24 March 2009

Drug Testing, Really?

Today the Kansas House passed HB 2275, this bill has an amendment that would require that recipients of “cash” assistance submit to random drug testing. Now KansasJackass and Bagyants have covered this issue a bit today, but well I figure my readers may not be the same and I feel like there is more to say. And since, I'm currently on unemployment – it's probably just a matter of time before they come for me.

This type of activity is nothing more than economic profiling. People are poor, obviously they are on dope, right?

According to the Drug War Chronicle, six states (not including Kansas) have taken up this issue. Their justification is the 1996 Welfare Reform Act that authorized these tests. Michigan instituted a drug testing law in 1999 for all Temporary Assistance to Needy Families (TANF) applicants. Three and a half years later,the US 6th Circuit Court of Appeals ruled that this type of blanket testing without probable cause violated the 4th Amendment protection against unlawful searches and seizures.

"This ruling should send a message to the rest of the nation that drug testing programs like these are neither an appropriate or effective use of a state's limited resources," said the ACLU Drug Policy Litigation Project head Graham Boyd at the time.

According to the ACLU's now-renamed Drug Law Reform Project, which had intervened in the Michigan case, the other 49 states had rejected drug testing for various reasons. At least 21 states concluded that the program "may be unlawful," 17 states cited cost concerns, 11 gave a variety of practical or operational reasons, and 11 said they had not seriously considered drug testing at all (some states cited more than one reason).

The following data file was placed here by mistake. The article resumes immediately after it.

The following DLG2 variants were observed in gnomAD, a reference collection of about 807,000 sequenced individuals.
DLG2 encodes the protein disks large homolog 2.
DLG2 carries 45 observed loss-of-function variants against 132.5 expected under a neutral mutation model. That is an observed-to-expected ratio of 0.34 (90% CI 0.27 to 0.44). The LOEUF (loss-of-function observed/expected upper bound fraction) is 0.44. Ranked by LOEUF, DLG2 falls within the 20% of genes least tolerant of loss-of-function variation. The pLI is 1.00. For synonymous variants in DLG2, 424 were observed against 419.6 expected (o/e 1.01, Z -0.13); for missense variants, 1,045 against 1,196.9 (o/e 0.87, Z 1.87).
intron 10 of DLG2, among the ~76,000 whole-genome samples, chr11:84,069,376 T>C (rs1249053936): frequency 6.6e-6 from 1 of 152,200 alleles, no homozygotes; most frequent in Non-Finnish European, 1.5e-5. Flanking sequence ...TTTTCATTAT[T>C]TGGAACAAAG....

Random drug testing of welfare recipients has also been rejected by a broad cross-section of organizations concerned with public health, welfare rights, and drug reform, including the American Public Health Association, National Association of Social Workers, Inc., National Association of Alcoholism and Drug Abuse Counselors, American College of Obstetricians and Gynecologists, National Council on Alcoholism and Drug Dependence, Association of Maternal and Child Health Programs, National Health Law Project, National Association on Alcohol, Drugs and Disability, Inc., National Advocates for Pregnant Women, National Black Women's Health Project, Legal Action Center, National Welfare Rights Union, Youth Law Center, Juvenile Law Center, and National Coalition for Child Protection Reform."

Even considering all this information our “wonderful” elected officials decided to spend even more valuable legislative time on doing stupid things that will probably either be vetoed or struck down by a court later. We should all be proud.

This little jewel in the Fiscal Note on the bill...just makes me realize how insane these people are.

"Federal law prohibits the use of random drug testing in determining eligibility for Food Assistance and Medical Assistance. The Department of Social and Rehabilitation Services(SRS), the agency that administers the programs affected by this legislation, states that other public assistance programs to which HB 2275 could be applied are Temporary Assistance for Families, General Assistance, and Child Care Assistance. The agency also states that in Child Care Assistance, federal law stipulates that the primary beneficiary is the child, not the parents. HB 2275 would require these children to submit to random drug testing." (My Emphasis Added)